Jack JohnsonArthur John Johnson (March 31, 1878 - June 10, 1946), better known as Jack Johnson, was arguably the best heavyweight boxer of his generation. He was the first black Heavyweight Champion of the World, 1908-1915. His record is 113 fights with 79 victories and only eight losses, 12 draws and 14 no-decisions
He was born in Galveston, Texas and is reputed to have fought his first fight, a sixteen round victory, aged fifteen. He turned professional around 1897, fighting in private clubs. He was briefly arrested in 1900 as boxing was illegal in Texas.
He won his first title on February 3, 1903, beating 'Denver' Ed Martin over twenty rounds for the Colored Heavyweight Championship. His efforts to win the full title were thwarted as white champions refused to face him. He fought the former champion Bob Fitzsimmons in July 1907 and knocked him out in two rounds.
He eventually won the World Heavyweight Title on December 26, 1908 when he fought the World Heavyweight Champion, Canadian Tommy Burns in Sydney, Australia, after following him there. The fight lasted fourteen rounds before being stopped by the police. The title was awarded to Johnson on a referee's decision as a T.K.O.
As title holder he had to face a series of fights with "great white hopes", often as exhibition matches. In 1909 he beat Victor McLaglen, Frank Moran, Jack O'Brien, Tony Ross, Al Kaufman, and the middleweight champion Stanley Ketchel. But on July 4, 1910 he defeated James J. Jeffries, a champion who had earlier turned him down, with a K.O. in the fifteenth round in front of 22,000 people, earning Johnson $115,000. His victory sparked race riots and certain states banned the filming of Johnson's victories over white fighters.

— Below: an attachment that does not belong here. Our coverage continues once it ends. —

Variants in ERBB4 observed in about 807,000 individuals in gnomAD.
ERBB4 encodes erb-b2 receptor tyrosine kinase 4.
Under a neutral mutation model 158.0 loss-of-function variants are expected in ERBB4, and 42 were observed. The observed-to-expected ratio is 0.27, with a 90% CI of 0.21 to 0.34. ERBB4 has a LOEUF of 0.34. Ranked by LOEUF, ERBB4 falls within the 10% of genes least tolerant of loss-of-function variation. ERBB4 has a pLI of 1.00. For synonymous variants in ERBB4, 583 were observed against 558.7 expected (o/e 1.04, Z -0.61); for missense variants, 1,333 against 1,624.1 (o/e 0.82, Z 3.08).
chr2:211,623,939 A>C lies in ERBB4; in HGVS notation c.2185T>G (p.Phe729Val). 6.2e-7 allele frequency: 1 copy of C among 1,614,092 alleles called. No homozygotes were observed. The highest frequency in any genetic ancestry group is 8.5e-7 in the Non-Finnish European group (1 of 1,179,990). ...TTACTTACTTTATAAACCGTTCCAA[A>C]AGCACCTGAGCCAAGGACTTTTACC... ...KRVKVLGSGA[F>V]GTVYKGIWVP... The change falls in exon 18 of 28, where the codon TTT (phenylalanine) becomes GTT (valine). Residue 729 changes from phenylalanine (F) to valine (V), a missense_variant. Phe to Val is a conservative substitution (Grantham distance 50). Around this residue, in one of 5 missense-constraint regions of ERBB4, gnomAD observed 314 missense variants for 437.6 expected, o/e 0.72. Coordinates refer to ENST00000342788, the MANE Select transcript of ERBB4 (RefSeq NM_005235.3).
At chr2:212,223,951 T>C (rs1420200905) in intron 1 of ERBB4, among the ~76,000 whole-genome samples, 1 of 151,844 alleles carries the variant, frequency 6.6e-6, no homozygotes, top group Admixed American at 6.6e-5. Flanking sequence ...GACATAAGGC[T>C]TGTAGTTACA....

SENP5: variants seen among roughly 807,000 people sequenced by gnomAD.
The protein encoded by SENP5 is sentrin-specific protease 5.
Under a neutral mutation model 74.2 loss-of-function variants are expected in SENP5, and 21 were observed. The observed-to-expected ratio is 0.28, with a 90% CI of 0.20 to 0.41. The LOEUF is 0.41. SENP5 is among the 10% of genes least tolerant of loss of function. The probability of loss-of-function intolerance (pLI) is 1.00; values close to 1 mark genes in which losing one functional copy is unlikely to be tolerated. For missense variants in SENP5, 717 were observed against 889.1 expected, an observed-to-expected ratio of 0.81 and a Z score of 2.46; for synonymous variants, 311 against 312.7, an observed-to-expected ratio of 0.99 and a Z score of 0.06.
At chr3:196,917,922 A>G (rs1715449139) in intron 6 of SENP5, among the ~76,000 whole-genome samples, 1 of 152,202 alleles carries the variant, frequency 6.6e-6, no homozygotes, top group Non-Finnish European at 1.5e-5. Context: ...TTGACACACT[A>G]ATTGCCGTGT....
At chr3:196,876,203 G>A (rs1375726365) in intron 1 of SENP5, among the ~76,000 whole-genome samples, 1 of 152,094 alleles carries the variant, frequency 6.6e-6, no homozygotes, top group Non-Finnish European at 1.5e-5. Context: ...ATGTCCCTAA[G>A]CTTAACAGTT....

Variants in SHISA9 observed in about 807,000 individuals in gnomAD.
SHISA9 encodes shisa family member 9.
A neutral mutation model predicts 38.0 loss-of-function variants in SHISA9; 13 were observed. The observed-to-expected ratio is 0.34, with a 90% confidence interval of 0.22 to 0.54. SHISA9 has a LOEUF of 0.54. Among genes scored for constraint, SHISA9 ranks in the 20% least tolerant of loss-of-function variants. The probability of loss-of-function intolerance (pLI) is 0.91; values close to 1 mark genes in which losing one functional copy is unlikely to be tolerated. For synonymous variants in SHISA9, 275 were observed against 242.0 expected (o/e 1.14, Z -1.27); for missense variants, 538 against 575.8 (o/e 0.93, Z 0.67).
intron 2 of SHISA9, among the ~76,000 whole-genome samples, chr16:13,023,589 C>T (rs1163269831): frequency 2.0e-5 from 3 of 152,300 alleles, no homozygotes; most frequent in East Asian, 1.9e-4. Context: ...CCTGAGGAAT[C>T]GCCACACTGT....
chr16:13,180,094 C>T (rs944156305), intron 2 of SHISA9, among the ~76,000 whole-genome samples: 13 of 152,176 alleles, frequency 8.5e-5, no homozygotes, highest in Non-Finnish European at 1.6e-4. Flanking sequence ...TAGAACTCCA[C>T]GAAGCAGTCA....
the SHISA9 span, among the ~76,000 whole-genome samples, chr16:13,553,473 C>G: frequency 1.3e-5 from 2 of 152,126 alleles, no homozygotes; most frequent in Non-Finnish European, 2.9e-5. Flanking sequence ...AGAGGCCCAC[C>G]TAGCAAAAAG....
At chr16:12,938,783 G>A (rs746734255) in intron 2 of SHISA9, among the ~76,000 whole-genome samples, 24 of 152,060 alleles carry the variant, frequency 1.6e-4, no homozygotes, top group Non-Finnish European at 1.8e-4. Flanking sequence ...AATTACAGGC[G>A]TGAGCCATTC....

In January 1911 he married Etta Duryea. But in September Etta committed suicide. Johnson, undefeatable in the ring, came under increasing external pressure - in June 1912 he was indicted for smuggling a diamond necklace and in October he was arrested under a section of the Mann Act, initially enacted to combat prostitution but never before used in prosecution, for transporting his fiancÍ, a white woman named Lucille Cameron, across state lines. Despite the looming trial he married Cameron in December 1912. He went to trial in Chicago in 1913 and on May 14 he was convicted and sentenced to a year and a day plus a fine of $1000.
In mid-June he fled the United States while free pending appeal. He continued fighting, mainly in exhibition bouts, but on April 5, 1915 the 37 year old lost his title to Jess Willard in Havana. With a crowd of 25,000 for the scheduled 45 round fight Johnson was K.O.'d in the 26th round. He fought a number of bouts in Mexico before returning to the US on July 20, 1920 and surrendering to Federal agents. He was sent to Leavenworth to serve his sentence, released on July 9, 1921.
He continued fighting, but age was catching up with him. After two losses in 1928 he participated only in exhibition bouts. He opened a night club in Harlem. He divorced Lucille Cameron in 1924 and married Irene Pineau.
He died in a car crash near Raleigh, North Carolina in 1946 and was buried in the Graceland Cemetery, in Chicago, Illinois. He was admitted to the Boxing Hall of Fame in 1954
His fighting style was very distinctive, he always began a bout cautiously before slowly building up over the rounds into a more aggressive (and abusive) fighter. He often fought to punish his opponent rather than knock them out, endlessly avoiding their blows and striking with swift counters. He always gave the impression of having much more to offer and if pushed he could really damage an opponent.
In person he was reputedly arrogant, flamboyant and reckless. Traits that did little to endear him to many people. His marrying of White women also enraged many members of the White race, and it has always been rumored in boxing circles that he threw away the fight with Willard after being promised a deal by American lawmen where he could return to visit his ill mother without getting arrested.